A survey of their history, with the details of their life.
It doesn't go into what archeology can show of their pre-history, but it starts with Lycurgus, who may, actually, be a god turned into a founder, rather than a man. And the legend of Helen of Troy, who was Helen of Sparta first, and how the legends of the beauty and looseness of Spartan women often pointed back to her.
It has biographies of interesting Spartans along the way. Like Cynisca, the Spartan princess who won an Olympic olive wreath twice. Women were not even allowed to watch the games (except, perhaps, certain priestess involved in the rites), but the winner of a horse race was the person who breed and trained the horses. It also has details of Greek life. Like the immense importance of guest-friends, xenos, which is a ritual, hereditary relationship that can even trump your city. How the Spartans, unlike other Greeks, did not distinguish between mere strangers, other Greeks, and barbarian foreigners. How the Spartan women, for all their much talked about power, did not have any all-female religious rites, unlike other Greek -- though that may have been because actual Spartans, though very religious, did not perform rites for Demeter -- or Dionysus either -- probably because that was helot stuff, all the agriculture.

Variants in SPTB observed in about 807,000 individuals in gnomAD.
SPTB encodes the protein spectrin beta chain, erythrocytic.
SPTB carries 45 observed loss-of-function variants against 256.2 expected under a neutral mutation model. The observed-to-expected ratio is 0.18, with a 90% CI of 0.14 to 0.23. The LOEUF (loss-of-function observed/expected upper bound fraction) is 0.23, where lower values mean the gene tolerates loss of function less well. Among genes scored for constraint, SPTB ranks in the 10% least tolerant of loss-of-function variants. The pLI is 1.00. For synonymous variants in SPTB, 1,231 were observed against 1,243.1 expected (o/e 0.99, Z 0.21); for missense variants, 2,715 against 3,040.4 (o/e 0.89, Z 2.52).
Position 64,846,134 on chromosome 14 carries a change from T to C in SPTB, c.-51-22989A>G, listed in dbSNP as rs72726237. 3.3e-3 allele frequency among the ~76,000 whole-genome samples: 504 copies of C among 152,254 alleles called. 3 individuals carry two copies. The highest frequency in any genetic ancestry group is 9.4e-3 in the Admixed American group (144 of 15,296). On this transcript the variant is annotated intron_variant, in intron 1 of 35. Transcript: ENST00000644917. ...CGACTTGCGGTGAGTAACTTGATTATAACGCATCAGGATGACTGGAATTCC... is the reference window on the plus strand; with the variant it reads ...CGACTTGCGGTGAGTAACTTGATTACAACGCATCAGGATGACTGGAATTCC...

It also covers their history down to their decline, to the revolts of the Messanian helots that finally resulted in their freedom and erecting a new city (with Athenian help) Messene, which drew back Messanians who had fled earlier (and been in the habit of making Olympian dedications to stick in Sparta's eye -- and finally to the era where a usurper actually claimed the throne and married a non-Spartan woman. Neither Phillip nor Alexander the Great had ever really bothered to conquer it, but just left it out, superfluous. Rome finally brought it to heel.
An interesting survey.